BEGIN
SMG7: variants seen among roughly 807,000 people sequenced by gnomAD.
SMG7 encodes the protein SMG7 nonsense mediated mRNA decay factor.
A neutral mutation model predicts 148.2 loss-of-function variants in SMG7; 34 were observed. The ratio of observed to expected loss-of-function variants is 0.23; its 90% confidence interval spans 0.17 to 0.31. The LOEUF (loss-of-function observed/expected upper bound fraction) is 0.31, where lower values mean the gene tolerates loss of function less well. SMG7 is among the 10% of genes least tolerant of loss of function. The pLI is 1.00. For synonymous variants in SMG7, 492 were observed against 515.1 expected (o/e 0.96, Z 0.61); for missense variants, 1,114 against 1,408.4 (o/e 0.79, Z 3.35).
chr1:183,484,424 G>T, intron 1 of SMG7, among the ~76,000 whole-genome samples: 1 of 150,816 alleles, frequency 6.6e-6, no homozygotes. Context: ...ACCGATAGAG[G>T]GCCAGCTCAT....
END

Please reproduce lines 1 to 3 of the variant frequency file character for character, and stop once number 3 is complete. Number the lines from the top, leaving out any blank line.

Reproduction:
SMG7: variants seen among roughly 807,000 people sequenced by gnomAD.
SMG7 encodes the protein SMG7 nonsense mediated mRNA decay factor.
A neutral mutation model predicts 148.2 loss-of-function variants in SMG7; 34 were observed. The ratio of observed to expected loss-of-function variants is 0.23; its 90% confidence interval spans 0.17 to 0.31. The LOEUF (loss-of-function observed/expected upper bound fraction) is 0.31, where lower values mean the gene tolerates loss of function less well. SMG7 is among the 10% of genes least tolerant of loss of function. The pLI is 1.00. For synonymous variants in SMG7, 492 were observed against 515.1 expected (o/e 0.96, Z 0.61); for missense variants, 1,114 against 1,408.4 (o/e 0.79, Z 3.35).